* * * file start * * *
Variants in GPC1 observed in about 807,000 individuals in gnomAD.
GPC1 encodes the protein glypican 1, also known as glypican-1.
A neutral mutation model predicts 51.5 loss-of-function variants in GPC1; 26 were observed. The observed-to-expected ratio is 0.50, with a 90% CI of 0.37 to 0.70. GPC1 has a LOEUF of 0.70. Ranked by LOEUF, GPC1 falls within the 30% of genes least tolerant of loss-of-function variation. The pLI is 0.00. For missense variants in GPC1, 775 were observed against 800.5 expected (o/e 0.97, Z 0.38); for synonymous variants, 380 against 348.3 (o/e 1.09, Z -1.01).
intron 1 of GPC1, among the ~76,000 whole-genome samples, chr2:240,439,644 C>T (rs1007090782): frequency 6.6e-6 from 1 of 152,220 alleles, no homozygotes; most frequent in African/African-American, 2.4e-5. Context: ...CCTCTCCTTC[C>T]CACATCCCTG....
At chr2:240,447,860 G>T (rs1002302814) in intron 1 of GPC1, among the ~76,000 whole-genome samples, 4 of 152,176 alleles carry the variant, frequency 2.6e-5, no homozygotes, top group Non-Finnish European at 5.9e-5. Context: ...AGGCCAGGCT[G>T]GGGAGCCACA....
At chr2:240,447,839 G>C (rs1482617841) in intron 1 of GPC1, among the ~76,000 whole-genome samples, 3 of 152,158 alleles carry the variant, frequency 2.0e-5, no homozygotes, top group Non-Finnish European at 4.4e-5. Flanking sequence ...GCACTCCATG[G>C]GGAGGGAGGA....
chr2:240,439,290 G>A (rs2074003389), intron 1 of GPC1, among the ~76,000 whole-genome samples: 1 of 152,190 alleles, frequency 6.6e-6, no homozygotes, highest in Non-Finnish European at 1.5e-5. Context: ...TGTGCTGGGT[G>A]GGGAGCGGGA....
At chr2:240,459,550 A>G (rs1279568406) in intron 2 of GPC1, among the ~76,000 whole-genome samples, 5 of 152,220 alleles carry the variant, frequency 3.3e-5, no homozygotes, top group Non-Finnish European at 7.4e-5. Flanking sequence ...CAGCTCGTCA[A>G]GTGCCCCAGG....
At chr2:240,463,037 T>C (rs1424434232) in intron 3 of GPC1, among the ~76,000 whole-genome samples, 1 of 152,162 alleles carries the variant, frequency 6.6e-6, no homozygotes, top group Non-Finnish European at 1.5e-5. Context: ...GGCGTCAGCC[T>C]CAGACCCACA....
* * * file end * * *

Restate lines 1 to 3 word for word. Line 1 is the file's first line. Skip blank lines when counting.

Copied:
Variants in GPC1 observed in about 807,000 individuals in gnomAD.
GPC1 encodes the protein glypican 1, also known as glypican-1.
A neutral mutation model predicts 51.5 loss-of-function variants in GPC1; 26 were observed. The observed-to-expected ratio is 0.50, with a 90% CI of 0.37 to 0.70. GPC1 has a LOEUF of 0.70. Ranked by LOEUF, GPC1 falls within the 30% of genes least tolerant of loss-of-function variation. The pLI is 0.00. For missense variants in GPC1, 775 were observed against 800.5 expected (o/e 0.97, Z 0.38); for synonymous variants, 380 against 348.3 (o/e 1.09, Z -1.01).